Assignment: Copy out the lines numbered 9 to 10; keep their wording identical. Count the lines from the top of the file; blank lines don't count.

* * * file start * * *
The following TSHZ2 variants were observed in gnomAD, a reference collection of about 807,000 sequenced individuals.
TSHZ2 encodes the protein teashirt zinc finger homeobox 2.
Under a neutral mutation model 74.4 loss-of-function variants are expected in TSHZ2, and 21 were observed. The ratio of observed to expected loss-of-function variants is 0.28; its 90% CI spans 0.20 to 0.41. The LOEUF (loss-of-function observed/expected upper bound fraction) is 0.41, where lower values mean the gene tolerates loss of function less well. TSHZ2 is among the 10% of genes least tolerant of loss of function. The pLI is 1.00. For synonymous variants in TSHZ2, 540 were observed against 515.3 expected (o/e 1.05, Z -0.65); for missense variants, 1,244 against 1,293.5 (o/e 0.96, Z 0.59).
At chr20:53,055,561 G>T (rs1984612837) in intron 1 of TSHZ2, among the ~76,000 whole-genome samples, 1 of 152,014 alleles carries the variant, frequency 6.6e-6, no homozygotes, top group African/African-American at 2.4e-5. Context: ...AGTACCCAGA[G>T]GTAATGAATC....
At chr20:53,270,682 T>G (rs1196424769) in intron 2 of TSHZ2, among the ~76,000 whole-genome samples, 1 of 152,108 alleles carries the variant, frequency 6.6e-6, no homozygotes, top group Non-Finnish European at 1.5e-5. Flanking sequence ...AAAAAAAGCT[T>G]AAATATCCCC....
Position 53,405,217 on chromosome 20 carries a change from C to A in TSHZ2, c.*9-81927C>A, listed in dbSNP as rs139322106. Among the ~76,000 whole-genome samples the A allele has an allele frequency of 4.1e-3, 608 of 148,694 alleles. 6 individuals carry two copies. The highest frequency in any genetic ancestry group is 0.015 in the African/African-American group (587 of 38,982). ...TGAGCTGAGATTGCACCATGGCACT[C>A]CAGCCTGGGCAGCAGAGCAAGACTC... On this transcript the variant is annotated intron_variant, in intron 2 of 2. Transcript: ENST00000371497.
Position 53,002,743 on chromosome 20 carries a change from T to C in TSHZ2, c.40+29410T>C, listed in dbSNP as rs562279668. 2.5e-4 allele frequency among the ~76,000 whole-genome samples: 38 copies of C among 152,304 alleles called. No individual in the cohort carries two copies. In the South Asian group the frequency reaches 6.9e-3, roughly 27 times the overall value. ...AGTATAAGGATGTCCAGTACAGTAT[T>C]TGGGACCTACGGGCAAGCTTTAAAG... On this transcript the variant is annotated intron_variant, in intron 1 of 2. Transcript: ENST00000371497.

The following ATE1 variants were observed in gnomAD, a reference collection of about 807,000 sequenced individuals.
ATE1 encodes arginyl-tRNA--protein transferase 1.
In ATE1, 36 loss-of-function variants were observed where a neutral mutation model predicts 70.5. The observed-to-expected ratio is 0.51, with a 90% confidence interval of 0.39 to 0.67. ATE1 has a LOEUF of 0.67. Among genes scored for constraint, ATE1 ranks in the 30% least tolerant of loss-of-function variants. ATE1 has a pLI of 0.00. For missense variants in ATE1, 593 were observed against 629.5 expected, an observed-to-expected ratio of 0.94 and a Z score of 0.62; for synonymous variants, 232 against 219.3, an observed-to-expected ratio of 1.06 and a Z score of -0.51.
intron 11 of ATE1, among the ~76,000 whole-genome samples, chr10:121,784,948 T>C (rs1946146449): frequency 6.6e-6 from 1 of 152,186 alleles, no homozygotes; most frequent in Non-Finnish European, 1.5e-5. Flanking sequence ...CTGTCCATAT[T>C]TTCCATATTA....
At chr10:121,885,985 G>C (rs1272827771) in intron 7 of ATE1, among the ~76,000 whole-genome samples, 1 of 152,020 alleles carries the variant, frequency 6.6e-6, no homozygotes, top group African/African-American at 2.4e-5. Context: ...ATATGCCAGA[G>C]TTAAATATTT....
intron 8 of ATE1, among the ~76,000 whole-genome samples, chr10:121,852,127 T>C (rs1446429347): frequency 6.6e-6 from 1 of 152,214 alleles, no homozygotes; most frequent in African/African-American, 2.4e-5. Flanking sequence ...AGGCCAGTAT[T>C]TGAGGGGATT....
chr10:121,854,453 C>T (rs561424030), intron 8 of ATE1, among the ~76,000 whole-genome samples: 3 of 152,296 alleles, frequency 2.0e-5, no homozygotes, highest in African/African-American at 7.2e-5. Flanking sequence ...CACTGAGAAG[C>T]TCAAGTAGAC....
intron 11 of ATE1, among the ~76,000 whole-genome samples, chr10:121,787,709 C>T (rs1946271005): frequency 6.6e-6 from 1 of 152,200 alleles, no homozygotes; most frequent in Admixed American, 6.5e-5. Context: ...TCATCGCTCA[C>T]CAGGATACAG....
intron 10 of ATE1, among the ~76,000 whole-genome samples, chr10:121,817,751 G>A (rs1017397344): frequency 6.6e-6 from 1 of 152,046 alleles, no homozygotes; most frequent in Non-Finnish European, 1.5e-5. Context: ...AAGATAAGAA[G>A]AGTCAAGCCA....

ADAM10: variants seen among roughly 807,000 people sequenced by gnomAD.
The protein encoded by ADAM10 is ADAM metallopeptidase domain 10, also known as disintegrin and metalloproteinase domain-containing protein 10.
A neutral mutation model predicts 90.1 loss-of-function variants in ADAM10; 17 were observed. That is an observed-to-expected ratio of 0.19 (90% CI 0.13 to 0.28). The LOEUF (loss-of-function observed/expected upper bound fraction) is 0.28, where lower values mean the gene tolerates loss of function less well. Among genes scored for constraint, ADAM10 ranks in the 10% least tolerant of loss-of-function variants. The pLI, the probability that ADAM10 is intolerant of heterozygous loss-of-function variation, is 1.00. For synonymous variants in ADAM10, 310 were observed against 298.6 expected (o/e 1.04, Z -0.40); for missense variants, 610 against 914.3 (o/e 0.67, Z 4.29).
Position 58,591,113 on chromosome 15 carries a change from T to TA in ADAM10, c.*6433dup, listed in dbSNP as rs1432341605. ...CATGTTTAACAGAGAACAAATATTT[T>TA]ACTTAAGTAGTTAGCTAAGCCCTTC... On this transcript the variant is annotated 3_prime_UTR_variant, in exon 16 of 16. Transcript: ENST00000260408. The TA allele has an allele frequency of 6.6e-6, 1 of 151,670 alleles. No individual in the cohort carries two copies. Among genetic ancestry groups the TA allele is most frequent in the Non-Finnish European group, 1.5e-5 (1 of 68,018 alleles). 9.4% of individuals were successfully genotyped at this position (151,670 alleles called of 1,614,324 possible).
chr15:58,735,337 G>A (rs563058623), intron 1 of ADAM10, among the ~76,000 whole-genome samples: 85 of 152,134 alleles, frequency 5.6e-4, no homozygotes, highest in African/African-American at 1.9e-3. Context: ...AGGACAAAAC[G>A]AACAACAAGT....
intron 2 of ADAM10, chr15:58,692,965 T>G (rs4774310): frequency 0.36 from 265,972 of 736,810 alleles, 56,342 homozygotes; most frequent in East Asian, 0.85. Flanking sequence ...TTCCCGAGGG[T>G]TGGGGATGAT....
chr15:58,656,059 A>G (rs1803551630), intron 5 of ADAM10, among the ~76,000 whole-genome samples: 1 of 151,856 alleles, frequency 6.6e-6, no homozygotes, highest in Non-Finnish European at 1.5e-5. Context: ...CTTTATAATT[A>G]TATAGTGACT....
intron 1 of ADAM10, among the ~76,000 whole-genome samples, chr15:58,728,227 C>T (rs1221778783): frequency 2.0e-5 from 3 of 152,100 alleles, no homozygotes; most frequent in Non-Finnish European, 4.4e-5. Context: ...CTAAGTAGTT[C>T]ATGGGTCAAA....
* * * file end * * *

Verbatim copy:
ATE1 encodes arginyl-tRNA--protein transferase 1.
In ATE1, 36 loss-of-function variants were observed where a neutral mutation model predicts 70.5. The observed-to-expected ratio is 0.51, with a 90% confidence interval of 0.39 to 0.67. ATE1 has a LOEUF of 0.67. Among genes scored for constraint, ATE1 ranks in the 30% least tolerant of loss-of-function variants. ATE1 has a pLI of 0.00. For missense variants in ATE1, 593 were observed against 629.5 expected, an observed-to-expected ratio of 0.94 and a Z score of 0.62; for synonymous variants, 232 against 219.3, an observed-to-expected ratio of 1.06 and a Z score of -0.51.